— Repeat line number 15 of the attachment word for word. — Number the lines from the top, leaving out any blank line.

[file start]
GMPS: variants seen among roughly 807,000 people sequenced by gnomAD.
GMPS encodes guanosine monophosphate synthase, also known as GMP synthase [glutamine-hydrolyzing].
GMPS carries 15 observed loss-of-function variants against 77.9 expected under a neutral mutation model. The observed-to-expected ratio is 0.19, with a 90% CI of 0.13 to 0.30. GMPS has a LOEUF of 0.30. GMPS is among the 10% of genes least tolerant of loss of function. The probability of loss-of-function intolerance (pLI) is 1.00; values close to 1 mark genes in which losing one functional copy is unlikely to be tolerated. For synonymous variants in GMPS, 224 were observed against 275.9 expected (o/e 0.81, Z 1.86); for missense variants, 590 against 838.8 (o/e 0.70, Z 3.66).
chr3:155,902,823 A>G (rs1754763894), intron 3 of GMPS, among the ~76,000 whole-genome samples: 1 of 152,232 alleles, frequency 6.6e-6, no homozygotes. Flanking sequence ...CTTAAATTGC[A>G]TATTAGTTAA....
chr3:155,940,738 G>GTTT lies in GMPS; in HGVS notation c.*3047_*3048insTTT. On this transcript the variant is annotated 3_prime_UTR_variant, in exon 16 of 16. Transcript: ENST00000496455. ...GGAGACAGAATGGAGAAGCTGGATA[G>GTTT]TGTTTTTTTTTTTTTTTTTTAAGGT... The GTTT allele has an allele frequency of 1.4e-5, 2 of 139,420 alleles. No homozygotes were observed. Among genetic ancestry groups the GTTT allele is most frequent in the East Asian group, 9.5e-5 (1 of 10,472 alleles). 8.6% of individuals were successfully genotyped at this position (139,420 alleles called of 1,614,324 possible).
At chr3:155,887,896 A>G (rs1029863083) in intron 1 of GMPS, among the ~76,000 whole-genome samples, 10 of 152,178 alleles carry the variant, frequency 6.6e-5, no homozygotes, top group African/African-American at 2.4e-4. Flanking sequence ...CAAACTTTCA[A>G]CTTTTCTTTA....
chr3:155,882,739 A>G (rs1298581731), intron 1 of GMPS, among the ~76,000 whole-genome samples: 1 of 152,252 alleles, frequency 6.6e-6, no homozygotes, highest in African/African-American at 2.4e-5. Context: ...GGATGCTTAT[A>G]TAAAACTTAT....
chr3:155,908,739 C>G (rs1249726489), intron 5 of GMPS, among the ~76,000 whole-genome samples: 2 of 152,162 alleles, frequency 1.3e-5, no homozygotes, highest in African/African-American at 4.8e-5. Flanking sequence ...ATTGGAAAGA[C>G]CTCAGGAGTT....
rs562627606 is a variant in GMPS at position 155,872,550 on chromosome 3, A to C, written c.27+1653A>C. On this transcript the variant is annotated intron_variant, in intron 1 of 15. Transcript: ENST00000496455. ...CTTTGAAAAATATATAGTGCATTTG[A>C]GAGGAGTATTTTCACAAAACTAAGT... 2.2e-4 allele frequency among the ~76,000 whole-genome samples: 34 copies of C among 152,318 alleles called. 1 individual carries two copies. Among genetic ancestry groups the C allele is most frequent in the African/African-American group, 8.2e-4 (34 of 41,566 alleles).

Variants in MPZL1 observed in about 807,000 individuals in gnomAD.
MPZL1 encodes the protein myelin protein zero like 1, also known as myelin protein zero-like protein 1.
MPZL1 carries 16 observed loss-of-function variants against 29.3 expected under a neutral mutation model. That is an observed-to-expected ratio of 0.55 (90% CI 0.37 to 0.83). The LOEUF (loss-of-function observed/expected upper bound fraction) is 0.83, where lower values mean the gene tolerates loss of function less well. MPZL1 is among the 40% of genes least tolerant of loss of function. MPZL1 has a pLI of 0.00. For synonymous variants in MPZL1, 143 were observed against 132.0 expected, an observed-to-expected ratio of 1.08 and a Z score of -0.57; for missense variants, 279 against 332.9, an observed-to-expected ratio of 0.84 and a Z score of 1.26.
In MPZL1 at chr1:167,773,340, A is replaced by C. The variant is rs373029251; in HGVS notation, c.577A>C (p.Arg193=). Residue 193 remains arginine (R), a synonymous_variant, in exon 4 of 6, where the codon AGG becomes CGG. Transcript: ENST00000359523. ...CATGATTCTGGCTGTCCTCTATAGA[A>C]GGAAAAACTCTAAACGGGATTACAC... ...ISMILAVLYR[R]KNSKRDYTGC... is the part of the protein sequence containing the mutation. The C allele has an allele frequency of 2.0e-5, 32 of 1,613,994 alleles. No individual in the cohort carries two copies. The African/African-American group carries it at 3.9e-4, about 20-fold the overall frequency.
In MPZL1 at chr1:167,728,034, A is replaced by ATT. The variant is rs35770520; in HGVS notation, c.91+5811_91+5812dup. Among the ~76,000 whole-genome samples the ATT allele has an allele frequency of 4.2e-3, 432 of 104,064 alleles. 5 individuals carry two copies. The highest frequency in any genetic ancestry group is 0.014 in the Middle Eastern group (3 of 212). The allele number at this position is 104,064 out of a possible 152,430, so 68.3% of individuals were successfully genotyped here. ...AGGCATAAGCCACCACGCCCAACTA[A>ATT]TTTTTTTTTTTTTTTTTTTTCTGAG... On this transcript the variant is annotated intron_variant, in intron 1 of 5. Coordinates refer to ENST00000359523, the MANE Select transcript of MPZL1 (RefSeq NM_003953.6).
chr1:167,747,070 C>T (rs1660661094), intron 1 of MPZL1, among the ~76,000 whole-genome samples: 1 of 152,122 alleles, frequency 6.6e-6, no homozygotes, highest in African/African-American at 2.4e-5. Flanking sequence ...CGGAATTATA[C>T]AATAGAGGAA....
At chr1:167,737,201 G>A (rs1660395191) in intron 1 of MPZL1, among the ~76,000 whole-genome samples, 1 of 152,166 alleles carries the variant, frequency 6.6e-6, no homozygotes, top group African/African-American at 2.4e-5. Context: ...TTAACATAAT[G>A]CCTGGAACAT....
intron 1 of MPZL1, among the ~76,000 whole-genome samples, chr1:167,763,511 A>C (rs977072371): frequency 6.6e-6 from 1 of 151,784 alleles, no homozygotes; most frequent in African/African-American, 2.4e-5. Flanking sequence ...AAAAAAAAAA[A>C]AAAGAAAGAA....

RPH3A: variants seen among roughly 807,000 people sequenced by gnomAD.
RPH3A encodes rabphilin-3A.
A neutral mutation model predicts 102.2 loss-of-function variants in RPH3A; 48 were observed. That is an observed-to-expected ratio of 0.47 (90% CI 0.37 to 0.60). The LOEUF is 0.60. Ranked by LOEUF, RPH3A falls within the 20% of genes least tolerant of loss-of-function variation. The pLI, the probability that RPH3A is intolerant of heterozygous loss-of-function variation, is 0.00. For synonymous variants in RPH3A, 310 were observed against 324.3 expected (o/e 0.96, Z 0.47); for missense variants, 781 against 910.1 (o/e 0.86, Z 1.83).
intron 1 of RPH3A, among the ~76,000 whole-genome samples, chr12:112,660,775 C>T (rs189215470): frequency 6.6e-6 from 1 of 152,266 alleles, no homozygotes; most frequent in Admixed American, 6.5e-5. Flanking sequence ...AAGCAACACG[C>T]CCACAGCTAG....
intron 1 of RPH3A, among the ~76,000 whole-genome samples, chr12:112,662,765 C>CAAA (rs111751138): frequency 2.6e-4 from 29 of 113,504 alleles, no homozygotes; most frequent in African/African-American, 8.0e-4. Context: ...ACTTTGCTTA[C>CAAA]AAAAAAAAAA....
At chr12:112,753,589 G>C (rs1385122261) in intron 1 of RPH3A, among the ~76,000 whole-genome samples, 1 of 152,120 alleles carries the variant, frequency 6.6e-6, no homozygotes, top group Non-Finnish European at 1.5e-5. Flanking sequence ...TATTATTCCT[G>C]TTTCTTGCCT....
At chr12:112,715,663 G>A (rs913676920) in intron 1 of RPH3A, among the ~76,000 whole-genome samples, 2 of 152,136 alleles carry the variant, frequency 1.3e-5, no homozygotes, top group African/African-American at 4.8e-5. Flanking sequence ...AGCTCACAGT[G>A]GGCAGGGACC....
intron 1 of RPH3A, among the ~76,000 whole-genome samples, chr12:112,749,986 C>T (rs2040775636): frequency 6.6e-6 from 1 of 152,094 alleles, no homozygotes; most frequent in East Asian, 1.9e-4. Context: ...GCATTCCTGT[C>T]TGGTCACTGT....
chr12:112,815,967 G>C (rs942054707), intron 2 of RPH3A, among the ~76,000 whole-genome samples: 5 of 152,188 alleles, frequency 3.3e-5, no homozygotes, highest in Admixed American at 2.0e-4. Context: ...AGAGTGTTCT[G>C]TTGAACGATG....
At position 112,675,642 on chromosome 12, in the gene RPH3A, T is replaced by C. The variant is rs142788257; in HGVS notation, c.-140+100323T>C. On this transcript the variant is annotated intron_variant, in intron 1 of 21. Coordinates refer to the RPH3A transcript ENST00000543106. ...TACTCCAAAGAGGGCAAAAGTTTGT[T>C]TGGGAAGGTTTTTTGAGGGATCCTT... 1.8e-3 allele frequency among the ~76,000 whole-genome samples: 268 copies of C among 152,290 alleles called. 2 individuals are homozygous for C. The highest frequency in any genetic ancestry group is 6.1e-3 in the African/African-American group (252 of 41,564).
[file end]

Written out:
chr1:167,747,070 C>T (rs1660661094), intron 1 of MPZL1, among the ~76,000 whole-genome samples: 1 of 152,122 alleles, frequency 6.6e-6, no homozygotes, highest in African/African-American at 2.4e-5. Flanking sequence ...CGGAATTATA[C>T]AATAGAGGAA....